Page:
July 17, 2003

I never bought that “great romance” crap about Katharine Hepburn and Spencer Tracy. Their relationship struck me as sort of pathetic and selfish, to say nothing of contrived.

Hepburn’s latest biographer, A. Scott Berg, seems to have bought it hook, line, and sinker, but Scott Eyman, in a review published in the New York Observer (“The Biographer Besotted: Hepburn’s Posthumous Power”), isn’t letting anyone involved off the hook too fast:

Any book on Katharine Hepburn inevitably circles around the quarter-century she spent with Spencer Tracy. On-screen, Tracy was a stolid, know-it-all Oberon who learned a few overdue lessons from her dancing Ariel. He stared and fumed; she smiled and moved languidly away. He kept her from getting too flighty, made her girlish, and she could calm the grumpy bear.

Off-screen, the situation was rather different. More treacle has been spilled about Spencer Tracy and Katharine Hepburn than any couple since Abelard and Heloise, and Mr. Berg doesn’t help much. This is possibly because all the treacle was either spilled or stage-managed by Hepburn -- and she’s still doing it, even though she’s dead.

Mr. Berg sees her clearly, but only up to about arm’s length. He says, correctly I think, that “[Tracy] and Katharine Hepburn experienced the ups and downs of any married couple; but in never sealing their arrangement legally, they were able to retain an element of unreality in the relationship, a false quality based on neither of them being locked in.”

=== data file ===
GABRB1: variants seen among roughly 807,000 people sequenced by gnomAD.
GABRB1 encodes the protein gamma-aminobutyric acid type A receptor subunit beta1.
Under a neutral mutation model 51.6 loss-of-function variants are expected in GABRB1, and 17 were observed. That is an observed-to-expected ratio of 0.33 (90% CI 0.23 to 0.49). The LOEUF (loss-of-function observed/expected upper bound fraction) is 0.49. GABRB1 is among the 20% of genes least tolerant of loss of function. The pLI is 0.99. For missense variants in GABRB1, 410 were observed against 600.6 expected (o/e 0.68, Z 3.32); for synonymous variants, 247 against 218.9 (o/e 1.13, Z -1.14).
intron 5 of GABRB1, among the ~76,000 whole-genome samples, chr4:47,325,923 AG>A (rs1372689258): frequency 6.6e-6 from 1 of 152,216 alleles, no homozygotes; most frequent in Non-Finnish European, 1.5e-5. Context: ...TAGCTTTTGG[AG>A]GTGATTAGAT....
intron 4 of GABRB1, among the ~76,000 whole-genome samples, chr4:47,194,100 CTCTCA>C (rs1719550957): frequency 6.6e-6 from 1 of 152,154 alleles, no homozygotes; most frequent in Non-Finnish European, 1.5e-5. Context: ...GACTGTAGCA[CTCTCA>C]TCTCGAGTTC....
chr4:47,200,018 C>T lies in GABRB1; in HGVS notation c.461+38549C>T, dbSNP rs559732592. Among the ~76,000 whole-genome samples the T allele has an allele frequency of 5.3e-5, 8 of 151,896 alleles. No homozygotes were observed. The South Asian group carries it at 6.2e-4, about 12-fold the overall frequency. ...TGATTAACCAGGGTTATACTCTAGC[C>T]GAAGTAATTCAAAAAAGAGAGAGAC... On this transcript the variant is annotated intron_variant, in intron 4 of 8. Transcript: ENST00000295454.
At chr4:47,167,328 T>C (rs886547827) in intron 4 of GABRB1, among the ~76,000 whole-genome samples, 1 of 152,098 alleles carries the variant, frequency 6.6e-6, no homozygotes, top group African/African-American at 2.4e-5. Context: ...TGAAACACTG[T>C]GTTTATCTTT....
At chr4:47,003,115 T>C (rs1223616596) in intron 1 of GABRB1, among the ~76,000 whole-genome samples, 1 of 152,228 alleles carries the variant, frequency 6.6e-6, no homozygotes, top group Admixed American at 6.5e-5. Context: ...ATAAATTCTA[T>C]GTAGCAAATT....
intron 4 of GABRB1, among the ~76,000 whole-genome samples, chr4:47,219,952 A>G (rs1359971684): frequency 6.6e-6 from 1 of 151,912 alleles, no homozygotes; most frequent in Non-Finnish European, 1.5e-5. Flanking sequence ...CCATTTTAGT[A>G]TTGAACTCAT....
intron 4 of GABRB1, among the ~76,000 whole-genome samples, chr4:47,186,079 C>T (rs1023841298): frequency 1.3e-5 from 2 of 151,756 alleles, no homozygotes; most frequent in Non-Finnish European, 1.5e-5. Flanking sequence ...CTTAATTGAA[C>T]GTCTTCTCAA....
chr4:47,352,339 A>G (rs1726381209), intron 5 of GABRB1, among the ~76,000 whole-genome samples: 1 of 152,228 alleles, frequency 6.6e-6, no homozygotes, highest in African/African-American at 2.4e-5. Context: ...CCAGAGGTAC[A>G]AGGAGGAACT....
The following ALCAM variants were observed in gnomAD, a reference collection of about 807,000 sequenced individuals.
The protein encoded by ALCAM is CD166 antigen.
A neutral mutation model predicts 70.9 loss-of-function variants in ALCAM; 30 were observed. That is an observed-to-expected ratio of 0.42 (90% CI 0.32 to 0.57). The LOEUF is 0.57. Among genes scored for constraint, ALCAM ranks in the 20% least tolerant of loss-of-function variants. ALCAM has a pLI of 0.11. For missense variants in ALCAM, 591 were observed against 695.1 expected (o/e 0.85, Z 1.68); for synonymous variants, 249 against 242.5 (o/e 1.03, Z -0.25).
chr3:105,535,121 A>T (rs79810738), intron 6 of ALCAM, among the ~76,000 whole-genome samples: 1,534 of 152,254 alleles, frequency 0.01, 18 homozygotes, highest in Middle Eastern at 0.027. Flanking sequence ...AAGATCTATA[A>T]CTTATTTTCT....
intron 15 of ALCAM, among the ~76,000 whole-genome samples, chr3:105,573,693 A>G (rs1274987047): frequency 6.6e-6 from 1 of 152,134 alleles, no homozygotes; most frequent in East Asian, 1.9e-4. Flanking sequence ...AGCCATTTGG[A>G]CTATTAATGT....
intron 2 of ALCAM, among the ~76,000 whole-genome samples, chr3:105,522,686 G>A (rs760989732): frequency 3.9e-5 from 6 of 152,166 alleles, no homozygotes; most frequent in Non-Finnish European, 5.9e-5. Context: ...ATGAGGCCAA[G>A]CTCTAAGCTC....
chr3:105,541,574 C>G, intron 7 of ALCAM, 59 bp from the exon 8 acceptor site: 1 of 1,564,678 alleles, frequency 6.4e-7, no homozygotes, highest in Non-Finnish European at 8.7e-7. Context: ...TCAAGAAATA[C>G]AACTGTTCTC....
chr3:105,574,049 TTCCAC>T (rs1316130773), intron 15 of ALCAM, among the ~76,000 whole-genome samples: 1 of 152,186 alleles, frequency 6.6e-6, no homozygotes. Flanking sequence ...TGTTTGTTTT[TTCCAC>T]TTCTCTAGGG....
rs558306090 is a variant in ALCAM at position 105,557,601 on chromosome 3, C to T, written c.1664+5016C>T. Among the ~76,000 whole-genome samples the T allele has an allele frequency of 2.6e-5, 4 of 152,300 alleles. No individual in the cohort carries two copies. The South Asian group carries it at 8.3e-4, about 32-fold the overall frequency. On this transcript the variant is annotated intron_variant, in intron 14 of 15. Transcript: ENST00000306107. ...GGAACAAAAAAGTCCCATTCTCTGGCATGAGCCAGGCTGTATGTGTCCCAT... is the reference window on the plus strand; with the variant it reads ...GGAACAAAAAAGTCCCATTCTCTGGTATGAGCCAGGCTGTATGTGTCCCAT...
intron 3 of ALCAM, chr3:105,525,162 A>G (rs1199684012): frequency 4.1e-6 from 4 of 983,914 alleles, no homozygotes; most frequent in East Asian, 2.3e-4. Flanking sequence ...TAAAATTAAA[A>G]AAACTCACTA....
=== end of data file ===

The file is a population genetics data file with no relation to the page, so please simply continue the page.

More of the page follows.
So far, so good. But when he asks Hepburn why nobody ever tried to get Tracy into Alcoholics Anonymous, she responds with a stuttering explanation that encompasses several different rationales, all blatantly phony: She points to Tracy’s own psychological cover-up that told him that as long as his drinking didn’t interfere with his work, it wasn’t really a problem. She also says, “Spencer Tracy was the biggest star in the world [sic], and I don’t think he would have been anonymous there for very long. And news of this sort would have killed his career.”

So she and, apparently, Mr. Berg would have us believe that Howard Strickling, the vice president in charge of publicity (or lack of it) at M.G.M. -- the man who could cover up news of Tracy’s room-shattering destruction, brawls, liaisons of various degrees of seriousness, not to mention boorish behavior that was by no means limited to the times when he was drunk -- would have been powerless to suppress the news of Tracy’s going to A.A. Mr. Berg’s acceptance of this manifestly lame rationale proves only that he was utterly besotted by Hepburn.

The truth is that nearly every quasi-romantic relationship that Hepburn had -- Leland Hayward, Howard Hughes[,] and John Ford as well as Tracy -- was with a man who was completely unsuitable for any conventional relationship. Hepburn wanted men who were as gifted and cantankerous as she was -- especially if they were tortured Irish alcoholics -- but she only wanted them up to a point. Co-existing with her caretaker streak was a strong sense of self-preservation: Tracy could never push her too hard about anything because he was basically dependent on her, at first because of his guilt over his drinking, later because of the interior and exterior corrosion wrought by the drinking. Hepburn would only have left Tracy if he’d gotten divorced -- and sobered up.

Not so pretty when looked at in that light.


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